New Log Types Supported: Rails, Nginx, AWS S3 and Logstash

 

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Loggly is always making it easier to bring in new types of log data. While Loggly can collect and manage any kind of text-based logs (and all without an agent), we offer a growing list of guides with step-by-step instructions for the most common log types. I’m excited to share a few details on some new supported log types: Rails, Nginx, AWS S3 logging, and Logstash custom parsing.

Ruby on Rails
Ruby on Rails is one of most popular web development frameworks. Loggly parses specific types of Rails logs, enabling point-and-click filtering and charting. Previously, Loggly offered a Ruby Gem that would send logs over HTTP. Now we also have instructions for a Syslogger Gem that lets you send these logs over syslog.

Using the Syslogger Gem offers several advantages:

  • Since the Syslogger Gem makes use of our syslog daemon, it runs as a separate process from your web server and won’t slow your web server down. The Ruby gem can also send logs asynchronously but it still runs within the same process.
  • You can centralize your Ruby logs on the local side before sending them to Loggly. This allows you to do some filtering if desired. (If you’re not a syslog master, this recent post by my colleague Ivan Tam will give you the key concepts you need to know.)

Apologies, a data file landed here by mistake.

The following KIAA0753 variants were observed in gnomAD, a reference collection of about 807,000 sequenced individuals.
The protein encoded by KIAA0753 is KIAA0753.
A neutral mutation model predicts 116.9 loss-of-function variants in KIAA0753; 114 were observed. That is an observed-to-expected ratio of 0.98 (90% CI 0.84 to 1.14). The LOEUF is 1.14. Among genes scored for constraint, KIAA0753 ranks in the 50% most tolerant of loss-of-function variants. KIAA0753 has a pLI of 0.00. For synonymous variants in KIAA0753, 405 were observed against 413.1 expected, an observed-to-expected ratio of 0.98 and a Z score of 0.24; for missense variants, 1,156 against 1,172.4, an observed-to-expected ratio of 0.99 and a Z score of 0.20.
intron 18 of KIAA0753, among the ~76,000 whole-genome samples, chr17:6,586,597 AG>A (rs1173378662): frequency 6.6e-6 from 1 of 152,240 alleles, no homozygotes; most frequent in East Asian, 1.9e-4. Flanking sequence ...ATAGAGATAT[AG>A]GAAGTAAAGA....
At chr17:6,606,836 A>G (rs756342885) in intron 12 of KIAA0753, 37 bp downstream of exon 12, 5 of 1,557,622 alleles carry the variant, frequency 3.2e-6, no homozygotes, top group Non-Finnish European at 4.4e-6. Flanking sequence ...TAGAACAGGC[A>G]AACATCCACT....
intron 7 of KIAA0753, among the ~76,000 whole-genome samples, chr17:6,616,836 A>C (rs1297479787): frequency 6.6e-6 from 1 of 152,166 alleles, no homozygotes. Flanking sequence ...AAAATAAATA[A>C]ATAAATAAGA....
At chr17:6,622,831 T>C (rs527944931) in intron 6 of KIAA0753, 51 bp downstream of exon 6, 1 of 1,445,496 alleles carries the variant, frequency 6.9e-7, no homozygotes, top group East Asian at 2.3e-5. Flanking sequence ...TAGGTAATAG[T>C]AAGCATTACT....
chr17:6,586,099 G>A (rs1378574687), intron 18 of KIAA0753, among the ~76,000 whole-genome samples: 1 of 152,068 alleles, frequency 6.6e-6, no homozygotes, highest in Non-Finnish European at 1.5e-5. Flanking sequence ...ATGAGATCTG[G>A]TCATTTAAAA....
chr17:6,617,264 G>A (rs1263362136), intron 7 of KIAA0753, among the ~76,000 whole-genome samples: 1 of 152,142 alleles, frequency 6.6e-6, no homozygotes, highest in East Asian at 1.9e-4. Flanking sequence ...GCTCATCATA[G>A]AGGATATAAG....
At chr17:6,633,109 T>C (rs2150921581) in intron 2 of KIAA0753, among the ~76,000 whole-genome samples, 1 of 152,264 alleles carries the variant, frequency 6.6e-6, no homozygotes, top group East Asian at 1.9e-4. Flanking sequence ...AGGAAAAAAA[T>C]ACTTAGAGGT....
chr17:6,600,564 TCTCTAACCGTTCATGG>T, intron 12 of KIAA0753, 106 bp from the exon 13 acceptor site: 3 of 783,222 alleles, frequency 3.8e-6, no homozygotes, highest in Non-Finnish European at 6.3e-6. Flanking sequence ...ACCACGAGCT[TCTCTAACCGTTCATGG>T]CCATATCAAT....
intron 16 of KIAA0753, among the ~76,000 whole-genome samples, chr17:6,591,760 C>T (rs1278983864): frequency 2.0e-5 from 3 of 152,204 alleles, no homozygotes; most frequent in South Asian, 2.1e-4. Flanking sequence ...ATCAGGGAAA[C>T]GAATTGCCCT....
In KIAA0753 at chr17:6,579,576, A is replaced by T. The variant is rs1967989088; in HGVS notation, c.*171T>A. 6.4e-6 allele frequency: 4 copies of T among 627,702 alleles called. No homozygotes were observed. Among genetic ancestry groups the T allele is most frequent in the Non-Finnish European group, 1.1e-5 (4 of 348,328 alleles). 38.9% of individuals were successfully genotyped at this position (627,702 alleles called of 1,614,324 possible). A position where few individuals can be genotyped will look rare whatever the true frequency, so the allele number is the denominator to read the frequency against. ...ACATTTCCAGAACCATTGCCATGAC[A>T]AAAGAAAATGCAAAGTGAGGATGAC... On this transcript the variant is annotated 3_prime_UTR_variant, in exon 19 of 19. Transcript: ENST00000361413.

Loggly screen shot Ruby on Rails

Nginx Script
We have also added a script for the nginx web server. Similar to our Apache and Linux log setup scripts, the script allows you to send and analyze Nginx logs to loggly in a single command. This saves you from having change configuration files, and it can verify logs are successfully sent.

AWS S3
AWS S3 has become a very common way of storing files and data in AWS environments. Many AWS applications write logs directly to customers’ S3 buckets. Now, you can easily read data from those buckets and send it to Loggly for easier monitoring and analysis.

We made a beta version available of a script that synchronizes the items inside your S3 bucket to your local computer and configures rsyslog to send them to Loggly. The script also has a cron that will synch your logs every five minutes. While the script doesn’t yet support compressed files or new files being added to bucket, we expect to add more features into the GA release.

Logstash Custom Parsing
Many customers have logs in custom formats. Our Logstash custom parsing guide offers a way to send those logs to Loggly in a format that we can parse and use for filtering, trend graphs, and more.

In our documentation, you’ll now find a guide on how to use Grok to extract fields from custom log formats and send the logs to Loggly as JSON. Grok supports hundreds of different formats, including unique path names, time stamps, IP addresses, and usernames. It can also parse HAproxy, Redis, and PostgreSQL, among others.

Learn More About All of These Log Types
Our Support Center has a ton of new information and guides. If you haven’t been there in a while, it’s time to pay a visit. If you still haven’t signed up for a free trial of Loggly, now is a great time!


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